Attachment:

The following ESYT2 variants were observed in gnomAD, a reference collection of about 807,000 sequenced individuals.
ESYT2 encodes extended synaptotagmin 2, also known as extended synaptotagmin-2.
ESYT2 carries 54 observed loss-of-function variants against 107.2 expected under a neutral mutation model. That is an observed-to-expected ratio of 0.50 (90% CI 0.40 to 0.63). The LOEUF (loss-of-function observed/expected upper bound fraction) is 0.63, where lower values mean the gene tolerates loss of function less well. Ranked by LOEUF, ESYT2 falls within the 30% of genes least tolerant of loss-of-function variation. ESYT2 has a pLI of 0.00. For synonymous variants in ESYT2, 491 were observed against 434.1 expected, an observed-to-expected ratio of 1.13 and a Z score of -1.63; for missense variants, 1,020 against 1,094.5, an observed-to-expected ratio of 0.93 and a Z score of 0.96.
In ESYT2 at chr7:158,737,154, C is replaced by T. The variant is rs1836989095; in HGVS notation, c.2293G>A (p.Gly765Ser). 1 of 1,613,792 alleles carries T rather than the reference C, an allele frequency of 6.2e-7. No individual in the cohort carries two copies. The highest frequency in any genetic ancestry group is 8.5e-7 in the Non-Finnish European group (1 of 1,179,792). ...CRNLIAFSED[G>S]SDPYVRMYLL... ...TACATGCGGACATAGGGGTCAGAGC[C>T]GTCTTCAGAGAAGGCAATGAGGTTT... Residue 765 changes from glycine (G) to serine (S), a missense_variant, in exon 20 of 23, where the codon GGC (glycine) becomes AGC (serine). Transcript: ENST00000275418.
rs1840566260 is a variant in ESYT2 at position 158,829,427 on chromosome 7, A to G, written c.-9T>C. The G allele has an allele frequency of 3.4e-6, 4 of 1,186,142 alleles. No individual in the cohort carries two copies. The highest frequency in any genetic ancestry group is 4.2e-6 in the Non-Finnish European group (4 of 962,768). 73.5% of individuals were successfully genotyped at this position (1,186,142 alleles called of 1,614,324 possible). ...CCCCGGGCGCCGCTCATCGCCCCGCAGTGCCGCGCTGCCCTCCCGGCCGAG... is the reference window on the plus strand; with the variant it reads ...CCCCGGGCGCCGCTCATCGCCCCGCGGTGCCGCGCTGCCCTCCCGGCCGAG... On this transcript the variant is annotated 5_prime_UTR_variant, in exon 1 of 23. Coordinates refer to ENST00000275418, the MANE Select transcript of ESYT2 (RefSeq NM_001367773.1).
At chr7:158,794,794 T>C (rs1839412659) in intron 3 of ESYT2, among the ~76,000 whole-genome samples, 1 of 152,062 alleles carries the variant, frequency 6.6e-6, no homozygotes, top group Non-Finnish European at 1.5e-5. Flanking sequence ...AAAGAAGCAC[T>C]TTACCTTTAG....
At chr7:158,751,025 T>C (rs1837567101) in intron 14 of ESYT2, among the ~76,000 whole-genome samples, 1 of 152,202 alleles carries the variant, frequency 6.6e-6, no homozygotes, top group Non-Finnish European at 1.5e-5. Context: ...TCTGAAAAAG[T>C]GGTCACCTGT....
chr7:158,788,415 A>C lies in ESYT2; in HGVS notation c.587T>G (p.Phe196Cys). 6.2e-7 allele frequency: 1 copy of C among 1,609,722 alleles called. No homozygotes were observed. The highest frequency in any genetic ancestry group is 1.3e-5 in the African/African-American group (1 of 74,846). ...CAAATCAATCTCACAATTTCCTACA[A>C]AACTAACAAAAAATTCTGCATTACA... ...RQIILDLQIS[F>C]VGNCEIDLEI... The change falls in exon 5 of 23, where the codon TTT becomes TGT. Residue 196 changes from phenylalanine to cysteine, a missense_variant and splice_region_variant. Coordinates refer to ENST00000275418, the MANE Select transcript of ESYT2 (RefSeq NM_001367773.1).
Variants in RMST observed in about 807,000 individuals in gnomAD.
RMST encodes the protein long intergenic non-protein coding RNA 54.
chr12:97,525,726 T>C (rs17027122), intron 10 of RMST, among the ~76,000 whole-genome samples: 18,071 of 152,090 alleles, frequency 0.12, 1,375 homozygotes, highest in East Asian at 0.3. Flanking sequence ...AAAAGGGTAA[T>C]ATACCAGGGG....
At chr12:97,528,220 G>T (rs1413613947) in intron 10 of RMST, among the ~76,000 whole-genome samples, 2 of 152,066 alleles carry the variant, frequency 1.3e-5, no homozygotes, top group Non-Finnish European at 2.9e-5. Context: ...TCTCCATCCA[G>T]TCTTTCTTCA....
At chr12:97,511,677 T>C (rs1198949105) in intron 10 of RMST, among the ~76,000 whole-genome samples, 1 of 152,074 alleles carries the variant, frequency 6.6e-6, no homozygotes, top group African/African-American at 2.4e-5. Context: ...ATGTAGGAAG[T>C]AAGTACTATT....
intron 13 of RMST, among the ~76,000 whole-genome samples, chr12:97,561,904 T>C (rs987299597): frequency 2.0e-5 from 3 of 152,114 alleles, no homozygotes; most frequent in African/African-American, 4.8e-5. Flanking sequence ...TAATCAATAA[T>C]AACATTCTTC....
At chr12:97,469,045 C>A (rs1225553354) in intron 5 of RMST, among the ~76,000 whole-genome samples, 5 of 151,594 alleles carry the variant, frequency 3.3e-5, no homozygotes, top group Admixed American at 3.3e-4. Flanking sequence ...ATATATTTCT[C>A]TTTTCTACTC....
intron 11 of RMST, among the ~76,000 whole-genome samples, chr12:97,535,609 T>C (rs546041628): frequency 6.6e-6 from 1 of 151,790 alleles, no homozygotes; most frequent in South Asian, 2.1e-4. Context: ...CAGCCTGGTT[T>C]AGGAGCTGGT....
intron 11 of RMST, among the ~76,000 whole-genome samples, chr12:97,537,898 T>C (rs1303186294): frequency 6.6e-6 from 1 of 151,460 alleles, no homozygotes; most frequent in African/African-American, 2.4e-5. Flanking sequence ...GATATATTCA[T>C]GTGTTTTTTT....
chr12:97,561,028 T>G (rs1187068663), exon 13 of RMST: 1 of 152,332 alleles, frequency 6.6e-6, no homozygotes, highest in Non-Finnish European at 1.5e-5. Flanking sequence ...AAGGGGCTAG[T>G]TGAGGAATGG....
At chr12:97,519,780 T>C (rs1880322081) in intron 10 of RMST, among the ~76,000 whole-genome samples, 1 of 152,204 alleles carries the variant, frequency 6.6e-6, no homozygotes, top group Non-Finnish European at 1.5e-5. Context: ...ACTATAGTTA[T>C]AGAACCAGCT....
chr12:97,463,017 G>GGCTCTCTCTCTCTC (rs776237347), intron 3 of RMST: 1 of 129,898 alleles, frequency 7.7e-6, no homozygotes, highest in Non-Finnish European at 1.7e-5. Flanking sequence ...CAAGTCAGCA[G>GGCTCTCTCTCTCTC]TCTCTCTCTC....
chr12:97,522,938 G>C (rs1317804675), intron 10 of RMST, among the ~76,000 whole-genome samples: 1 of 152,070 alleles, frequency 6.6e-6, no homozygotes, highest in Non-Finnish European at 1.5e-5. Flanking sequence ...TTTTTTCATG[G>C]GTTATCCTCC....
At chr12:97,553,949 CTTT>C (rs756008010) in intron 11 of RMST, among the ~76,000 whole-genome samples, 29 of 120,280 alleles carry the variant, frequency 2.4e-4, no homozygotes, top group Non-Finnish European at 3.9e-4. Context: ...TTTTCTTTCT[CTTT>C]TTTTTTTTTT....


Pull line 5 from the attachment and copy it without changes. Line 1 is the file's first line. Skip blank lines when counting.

rs1840566260 is a variant in ESYT2 at position 158,829,427 on chromosome 7, A to G, written c.-9T>C. The G allele has an allele frequency of 3.4e-6, 4 of 1,186,142 alleles. No individual in the cohort carries two copies. The highest frequency in any genetic ancestry group is 4.2e-6 in the Non-Finnish European group (4 of 962,768). 73.5% of individuals were successfully genotyped at this position (1,186,142 alleles called of 1,614,324 possible). ...CCCCGGGCGCCGCTCATCGCCCCGCAGTGCCGCGCTGCCCTCCCGGCCGAG... is the reference window on the plus strand; with the variant it reads ...CCCCGGGCGCCGCTCATCGCCCCGCGGTGCCGCGCTGCCCTCCCGGCCGAG... On this transcript the variant is annotated 5_prime_UTR_variant, in exon 1 of 23. Coordinates refer to ENST00000275418, the MANE Select transcript of ESYT2 (RefSeq NM_001367773.1).